With Detego now successfully rolling out the Smart Fitting Room application alongside their real-time inventory management software, this latest improvement is another opportunity for retailers to evolve their stores for the future.

Did we spark your interest?

The ‘eCommerce returns’ solution, aimed at fashion and sportswear retailers already utilising RFID tags, will help achieve business continuity following the disruption from COVID-19.
How will retail cope with the impact of coronavirus and how might it look different in the future because of it?
An update from the Detego team on our commitments to safetey and continued service throughout the Covid-19 pandemic.

Planograms are a key part of running a retail store. In simple terms, they dictate the what, where and, the how many of products on the shop floor.  

This article explores planograms, the challenges they present and how retails ongoing digital revolution along with artificial intelligence is changing planograms as we know them.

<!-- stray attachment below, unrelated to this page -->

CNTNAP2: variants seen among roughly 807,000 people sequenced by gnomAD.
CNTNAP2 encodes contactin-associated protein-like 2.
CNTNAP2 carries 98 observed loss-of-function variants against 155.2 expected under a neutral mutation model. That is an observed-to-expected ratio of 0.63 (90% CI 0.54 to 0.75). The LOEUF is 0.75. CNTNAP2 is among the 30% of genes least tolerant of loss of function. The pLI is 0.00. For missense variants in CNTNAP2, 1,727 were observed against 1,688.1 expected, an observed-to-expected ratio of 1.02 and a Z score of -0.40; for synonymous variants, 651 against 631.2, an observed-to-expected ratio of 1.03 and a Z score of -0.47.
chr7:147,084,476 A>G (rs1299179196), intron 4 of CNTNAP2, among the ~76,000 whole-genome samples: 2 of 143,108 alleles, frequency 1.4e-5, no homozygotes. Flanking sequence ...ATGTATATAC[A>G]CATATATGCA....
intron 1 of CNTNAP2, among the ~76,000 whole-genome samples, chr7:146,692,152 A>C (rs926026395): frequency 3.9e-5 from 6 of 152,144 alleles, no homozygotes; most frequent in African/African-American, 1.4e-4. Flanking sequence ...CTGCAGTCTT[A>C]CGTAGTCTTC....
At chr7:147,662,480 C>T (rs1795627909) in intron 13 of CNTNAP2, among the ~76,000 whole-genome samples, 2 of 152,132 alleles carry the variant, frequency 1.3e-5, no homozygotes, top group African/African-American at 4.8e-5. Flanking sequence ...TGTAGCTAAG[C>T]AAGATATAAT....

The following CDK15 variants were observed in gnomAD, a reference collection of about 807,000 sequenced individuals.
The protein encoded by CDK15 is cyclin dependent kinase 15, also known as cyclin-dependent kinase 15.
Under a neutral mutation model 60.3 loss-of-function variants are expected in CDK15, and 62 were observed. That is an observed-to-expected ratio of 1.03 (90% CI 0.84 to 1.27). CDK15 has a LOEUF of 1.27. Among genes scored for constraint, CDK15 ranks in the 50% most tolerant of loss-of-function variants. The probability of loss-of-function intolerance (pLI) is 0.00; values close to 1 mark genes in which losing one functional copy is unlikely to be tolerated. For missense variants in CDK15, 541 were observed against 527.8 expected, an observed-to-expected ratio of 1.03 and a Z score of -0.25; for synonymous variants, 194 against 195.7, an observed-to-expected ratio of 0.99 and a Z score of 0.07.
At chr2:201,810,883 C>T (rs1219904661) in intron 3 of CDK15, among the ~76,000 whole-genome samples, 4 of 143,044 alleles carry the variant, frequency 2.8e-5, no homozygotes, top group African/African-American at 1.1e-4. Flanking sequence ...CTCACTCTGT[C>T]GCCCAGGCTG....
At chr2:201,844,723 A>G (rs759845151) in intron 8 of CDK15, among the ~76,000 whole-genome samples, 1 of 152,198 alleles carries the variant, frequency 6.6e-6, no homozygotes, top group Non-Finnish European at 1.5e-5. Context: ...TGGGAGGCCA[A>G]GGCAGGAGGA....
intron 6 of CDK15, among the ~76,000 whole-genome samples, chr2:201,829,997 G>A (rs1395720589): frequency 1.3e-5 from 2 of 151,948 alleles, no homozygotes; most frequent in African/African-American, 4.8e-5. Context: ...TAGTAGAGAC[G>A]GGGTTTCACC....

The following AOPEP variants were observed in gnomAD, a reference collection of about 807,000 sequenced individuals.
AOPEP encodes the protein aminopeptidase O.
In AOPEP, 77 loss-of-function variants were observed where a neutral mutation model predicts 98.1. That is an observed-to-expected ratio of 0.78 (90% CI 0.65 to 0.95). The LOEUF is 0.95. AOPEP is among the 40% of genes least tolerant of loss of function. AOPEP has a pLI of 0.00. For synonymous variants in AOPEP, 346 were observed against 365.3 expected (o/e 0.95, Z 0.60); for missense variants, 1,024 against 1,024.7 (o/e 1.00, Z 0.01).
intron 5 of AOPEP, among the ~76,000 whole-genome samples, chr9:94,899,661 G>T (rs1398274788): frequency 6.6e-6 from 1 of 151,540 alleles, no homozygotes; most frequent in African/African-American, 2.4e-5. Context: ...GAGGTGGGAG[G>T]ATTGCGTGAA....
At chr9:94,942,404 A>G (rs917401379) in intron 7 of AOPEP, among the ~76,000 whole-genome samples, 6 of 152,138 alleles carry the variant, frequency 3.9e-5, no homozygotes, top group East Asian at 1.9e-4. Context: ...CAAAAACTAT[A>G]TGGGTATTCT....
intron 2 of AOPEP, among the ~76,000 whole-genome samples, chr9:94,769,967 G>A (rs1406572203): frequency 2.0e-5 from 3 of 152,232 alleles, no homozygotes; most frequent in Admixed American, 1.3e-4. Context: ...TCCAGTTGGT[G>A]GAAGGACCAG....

What is a planogram?

 

   A planogram defines the location and quantity of products to be placed on display. They essentially function as blueprints for all merchandise within a store.

 Alongside the visual merchandising element, planograms aim to optimise article availability and thus specifically stimulate sales.

So, a store planogram has two aspects: 

 

1 – The Merchandising: which articles are presented on the sales floor and how (visual merchandising) 

2 – The detailed quantities for individual colour and sizes (availability optimisation)